An investigation into the direct and indirect effects induced by platelet-activating factor receptor activation in rat isolated lung tissue.

Welsh, Stephen (2000) An investigation into the direct and indirect effects induced by platelet-activating factor receptor activation in rat isolated lung tissue. Doctoral thesis, University of Central Lancashire.

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This study looked at the effects of platelet-activating factor (PAF) on rat isolated lung strips and tracheal spirals. Previous studies have shown that PAF induces hyperresponsiveness to the contractile effects of acetyicholine (ACh) and 5- hydroxytryptamine (5-HT) in rat isolated tracheal spirals. In this study it was hoped that previous experiments on tracheal spirals could be repeated and then be extended to investigate similar responses in lung tissue. It would then be possible to make a direct comparison between the effects of PAP on the larger airways with the effects of PAF on the smaller airways.

It has also been observed in previous studies that PAP induces a desensitization of its receptors to the bronchoconstrictor effects of PAF. This study looked at whether this PAF receptor desensitization occurred in rat isolated airway tissue. This was done by adding PAP to tissue preparations and observing its effects on the tissues, then adding a subsequent dose of PAP to see if responses were repeated. With the use of inhibitors of protein kinase C (sphingosine), phospholipase A2 (AACOCF3) and lipoxygenase (MK886) which have all been implicated as mediating the actions of PAF, it was possible to determine possible mechanisms responsible for the desensitization of PAP receptors. This was done by introducing these inhibitors into the experimental protocol before addition of PAF and then removing them before subsequent addition of PAP. One theory behind PAP receptor desensitization is receptor internalisation, and this was investigated with the use of an iminunofluorescence (IF) technique. This IF technique was then echnique was then developed to investigate the possibility of eosinophils entering lung tissue as a result ofthe method of killing the animal.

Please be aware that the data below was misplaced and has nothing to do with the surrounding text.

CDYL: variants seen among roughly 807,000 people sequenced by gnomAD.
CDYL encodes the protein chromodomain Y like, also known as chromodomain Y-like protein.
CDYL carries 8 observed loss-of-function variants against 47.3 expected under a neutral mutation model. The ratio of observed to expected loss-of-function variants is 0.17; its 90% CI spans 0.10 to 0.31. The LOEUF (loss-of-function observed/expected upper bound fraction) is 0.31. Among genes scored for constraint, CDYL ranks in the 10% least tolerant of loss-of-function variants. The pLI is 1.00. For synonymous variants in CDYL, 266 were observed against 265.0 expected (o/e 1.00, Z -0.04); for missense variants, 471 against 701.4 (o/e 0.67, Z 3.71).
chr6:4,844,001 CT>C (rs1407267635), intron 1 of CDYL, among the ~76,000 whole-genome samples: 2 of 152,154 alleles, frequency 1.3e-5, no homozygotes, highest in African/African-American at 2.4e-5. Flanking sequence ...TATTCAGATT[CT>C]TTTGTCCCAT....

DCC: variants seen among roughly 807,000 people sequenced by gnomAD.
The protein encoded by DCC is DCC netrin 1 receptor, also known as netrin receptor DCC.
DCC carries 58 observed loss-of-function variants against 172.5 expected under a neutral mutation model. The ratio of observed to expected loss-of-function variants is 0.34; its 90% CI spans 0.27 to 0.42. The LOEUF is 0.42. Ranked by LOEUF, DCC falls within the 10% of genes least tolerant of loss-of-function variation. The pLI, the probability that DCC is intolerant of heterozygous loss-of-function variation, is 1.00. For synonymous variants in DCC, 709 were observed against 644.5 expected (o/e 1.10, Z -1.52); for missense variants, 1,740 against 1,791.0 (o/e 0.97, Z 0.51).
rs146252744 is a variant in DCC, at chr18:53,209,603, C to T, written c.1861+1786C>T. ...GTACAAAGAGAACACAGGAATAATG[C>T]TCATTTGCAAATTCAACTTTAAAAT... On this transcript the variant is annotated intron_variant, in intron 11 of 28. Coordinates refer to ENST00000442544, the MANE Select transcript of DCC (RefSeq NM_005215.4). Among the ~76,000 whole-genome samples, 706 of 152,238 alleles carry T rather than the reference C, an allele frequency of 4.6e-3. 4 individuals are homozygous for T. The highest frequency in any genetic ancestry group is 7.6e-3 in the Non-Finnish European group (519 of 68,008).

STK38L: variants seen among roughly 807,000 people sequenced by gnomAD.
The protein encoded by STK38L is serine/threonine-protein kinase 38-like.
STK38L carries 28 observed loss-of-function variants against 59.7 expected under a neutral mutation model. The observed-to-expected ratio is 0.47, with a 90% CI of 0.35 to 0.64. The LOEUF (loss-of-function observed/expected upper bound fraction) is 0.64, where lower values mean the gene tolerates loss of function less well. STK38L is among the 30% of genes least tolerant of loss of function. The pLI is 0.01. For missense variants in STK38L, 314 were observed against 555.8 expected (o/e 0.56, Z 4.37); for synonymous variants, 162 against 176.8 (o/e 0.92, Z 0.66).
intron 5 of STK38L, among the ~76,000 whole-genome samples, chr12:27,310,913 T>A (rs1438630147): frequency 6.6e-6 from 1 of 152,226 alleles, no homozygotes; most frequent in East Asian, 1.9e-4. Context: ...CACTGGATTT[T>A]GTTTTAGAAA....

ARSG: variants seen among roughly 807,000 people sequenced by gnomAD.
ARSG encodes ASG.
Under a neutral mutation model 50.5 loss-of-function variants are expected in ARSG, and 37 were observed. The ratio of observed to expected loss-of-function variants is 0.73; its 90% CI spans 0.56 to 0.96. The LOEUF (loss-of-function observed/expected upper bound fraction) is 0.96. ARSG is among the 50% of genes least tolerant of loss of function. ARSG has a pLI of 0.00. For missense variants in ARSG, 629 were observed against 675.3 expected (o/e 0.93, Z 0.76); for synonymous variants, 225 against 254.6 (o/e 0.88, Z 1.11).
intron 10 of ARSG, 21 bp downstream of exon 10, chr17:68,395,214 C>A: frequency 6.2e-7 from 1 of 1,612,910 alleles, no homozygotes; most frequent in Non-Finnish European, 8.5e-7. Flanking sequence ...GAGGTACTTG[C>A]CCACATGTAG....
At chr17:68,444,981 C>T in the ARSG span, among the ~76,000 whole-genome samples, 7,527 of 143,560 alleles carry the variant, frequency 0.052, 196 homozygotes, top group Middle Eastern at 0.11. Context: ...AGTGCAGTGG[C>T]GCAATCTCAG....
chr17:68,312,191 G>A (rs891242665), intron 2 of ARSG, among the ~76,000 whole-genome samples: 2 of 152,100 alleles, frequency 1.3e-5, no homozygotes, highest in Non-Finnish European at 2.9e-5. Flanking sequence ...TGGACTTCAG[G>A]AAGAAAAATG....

In this study hyperresponsiveness of tracheal and lung tissue to the contractile effects of ACh and 5-HT in response to PAF receptor activation was not observed. Desensitization of tissues to the bronchoconstrictor effects of PAF was however observed. The use of IF technique indicated that in the case of rat isolated airway tissue, receptor intemalisation was not responsible for PAF receptor desensitization. The use of MK886 indicated that desensitization was also not the result of leukotriene production, whilst the use of sphingosine indicated that protein kinase C activation was not responsible for desensitization. The results suggested that desensitization of tissues to the effects of PAF after an initial PAF application was the result of arachidonic acid production or, more likely, either down-regulation of receptors or receptor/G-proteinleffector uncoupling after phospholipase A2 activation.

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